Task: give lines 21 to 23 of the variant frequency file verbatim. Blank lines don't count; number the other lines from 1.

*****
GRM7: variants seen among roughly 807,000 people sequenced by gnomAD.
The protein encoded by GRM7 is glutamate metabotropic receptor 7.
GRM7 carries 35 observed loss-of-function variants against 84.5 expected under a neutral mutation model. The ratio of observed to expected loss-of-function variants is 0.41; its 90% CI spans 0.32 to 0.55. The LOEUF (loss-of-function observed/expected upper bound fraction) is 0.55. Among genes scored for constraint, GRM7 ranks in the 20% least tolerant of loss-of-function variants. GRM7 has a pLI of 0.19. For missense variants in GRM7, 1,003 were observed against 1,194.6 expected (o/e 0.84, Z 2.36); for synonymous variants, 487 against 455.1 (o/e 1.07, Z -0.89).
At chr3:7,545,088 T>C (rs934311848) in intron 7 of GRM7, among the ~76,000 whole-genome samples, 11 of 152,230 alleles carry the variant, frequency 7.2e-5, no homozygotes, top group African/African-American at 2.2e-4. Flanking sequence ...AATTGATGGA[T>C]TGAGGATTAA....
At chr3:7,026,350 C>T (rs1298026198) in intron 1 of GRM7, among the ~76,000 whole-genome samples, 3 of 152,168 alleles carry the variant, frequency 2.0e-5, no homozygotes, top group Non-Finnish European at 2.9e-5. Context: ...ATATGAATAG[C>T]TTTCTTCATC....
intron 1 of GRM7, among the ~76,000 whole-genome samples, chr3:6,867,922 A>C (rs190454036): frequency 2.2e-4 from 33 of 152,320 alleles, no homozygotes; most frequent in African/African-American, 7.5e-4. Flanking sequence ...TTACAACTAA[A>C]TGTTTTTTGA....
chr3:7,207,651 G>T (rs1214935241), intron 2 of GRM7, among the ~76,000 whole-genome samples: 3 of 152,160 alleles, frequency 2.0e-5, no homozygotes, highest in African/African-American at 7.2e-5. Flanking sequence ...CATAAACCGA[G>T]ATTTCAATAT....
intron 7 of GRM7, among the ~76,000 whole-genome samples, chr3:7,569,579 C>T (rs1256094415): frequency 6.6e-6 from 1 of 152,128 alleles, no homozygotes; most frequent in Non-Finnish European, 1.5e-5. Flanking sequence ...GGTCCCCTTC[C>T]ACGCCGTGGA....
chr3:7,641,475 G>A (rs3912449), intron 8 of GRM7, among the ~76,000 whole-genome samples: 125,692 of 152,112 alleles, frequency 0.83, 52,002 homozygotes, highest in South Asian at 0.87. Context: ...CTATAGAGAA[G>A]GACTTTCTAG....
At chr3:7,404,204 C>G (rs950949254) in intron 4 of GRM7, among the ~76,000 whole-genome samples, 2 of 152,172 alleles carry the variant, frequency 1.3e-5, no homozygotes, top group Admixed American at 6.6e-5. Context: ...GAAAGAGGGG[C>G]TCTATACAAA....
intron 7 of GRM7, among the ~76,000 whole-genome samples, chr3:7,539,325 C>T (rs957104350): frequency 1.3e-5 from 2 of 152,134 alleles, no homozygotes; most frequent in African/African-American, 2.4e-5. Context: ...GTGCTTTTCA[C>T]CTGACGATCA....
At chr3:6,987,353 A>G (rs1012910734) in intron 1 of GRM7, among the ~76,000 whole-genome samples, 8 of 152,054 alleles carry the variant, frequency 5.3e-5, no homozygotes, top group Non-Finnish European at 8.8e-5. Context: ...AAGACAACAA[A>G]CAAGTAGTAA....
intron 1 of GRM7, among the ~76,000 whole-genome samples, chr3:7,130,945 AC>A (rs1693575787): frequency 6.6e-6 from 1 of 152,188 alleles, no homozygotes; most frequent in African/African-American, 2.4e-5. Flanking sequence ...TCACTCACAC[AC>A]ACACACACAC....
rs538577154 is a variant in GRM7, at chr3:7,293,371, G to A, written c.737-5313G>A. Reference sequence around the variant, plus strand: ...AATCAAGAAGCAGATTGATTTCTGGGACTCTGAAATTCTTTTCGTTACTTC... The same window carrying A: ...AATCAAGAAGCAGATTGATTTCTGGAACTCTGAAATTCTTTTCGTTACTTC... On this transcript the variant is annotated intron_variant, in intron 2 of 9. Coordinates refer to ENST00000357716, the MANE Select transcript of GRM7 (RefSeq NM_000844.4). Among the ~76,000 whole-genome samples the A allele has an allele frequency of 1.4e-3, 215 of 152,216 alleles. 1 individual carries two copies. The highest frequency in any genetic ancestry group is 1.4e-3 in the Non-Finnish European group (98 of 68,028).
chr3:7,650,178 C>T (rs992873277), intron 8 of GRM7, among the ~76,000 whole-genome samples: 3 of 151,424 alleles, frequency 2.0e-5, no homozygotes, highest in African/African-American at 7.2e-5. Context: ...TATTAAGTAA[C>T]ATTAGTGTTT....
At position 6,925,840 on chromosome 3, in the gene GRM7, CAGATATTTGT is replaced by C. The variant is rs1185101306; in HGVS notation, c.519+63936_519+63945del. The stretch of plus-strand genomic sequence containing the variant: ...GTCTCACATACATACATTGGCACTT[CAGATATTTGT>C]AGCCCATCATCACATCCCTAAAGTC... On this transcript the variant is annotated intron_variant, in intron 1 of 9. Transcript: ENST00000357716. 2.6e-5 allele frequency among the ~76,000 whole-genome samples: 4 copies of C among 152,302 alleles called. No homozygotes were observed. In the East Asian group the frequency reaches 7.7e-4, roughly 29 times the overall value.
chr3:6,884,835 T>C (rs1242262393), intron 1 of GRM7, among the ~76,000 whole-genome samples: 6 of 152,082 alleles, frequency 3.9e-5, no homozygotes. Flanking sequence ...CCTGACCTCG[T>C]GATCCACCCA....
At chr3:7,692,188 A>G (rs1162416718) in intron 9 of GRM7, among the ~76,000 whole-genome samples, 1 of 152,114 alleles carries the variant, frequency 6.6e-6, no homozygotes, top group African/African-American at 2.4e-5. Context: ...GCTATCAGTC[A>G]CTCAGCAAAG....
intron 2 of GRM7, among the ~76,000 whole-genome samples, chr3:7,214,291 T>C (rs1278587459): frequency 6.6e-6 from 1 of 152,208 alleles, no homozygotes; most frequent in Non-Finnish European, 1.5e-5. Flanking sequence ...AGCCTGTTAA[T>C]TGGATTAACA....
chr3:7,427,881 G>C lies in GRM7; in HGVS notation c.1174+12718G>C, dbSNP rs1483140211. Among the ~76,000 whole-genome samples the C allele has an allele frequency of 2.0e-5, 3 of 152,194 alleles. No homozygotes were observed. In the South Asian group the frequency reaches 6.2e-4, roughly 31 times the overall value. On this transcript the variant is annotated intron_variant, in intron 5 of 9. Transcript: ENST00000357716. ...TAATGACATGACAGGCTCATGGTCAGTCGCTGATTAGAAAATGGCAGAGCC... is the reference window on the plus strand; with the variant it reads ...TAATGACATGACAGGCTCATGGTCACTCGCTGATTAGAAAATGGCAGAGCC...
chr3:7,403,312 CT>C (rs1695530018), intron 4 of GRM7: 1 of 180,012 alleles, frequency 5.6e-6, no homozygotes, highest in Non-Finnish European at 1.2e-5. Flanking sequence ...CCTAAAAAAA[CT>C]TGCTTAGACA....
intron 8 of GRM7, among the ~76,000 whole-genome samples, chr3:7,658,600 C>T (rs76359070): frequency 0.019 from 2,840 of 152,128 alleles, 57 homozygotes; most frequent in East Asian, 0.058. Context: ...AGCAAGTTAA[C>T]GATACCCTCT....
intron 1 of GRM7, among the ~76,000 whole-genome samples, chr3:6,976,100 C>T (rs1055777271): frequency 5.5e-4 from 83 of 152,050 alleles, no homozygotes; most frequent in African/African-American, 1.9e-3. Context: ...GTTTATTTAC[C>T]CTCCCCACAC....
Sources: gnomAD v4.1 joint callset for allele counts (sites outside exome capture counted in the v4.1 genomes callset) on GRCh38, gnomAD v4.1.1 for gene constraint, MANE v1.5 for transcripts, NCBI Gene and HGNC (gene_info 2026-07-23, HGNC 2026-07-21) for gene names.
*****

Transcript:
chr3:7,403,312 CT>C (rs1695530018), intron 4 of GRM7: 1 of 180,012 alleles, frequency 5.6e-6, no homozygotes, highest in Non-Finnish European at 1.2e-5. Flanking sequence ...CCTAAAAAAA[CT>C]TGCTTAGACA....
intron 8 of GRM7, among the ~76,000 whole-genome samples, chr3:7,658,600 C>T (rs76359070): frequency 0.019 from 2,840 of 152,128 alleles, 57 homozygotes; most frequent in East Asian, 0.058. Context: ...AGCAAGTTAA[C>T]GATACCCTCT....
intron 1 of GRM7, among the ~76,000 whole-genome samples, chr3:6,976,100 C>T (rs1055777271): frequency 5.5e-4 from 83 of 152,050 alleles, no homozygotes; most frequent in African/African-American, 1.9e-3. Context: ...GTTTATTTAC[C>T]CTCCCCACAC....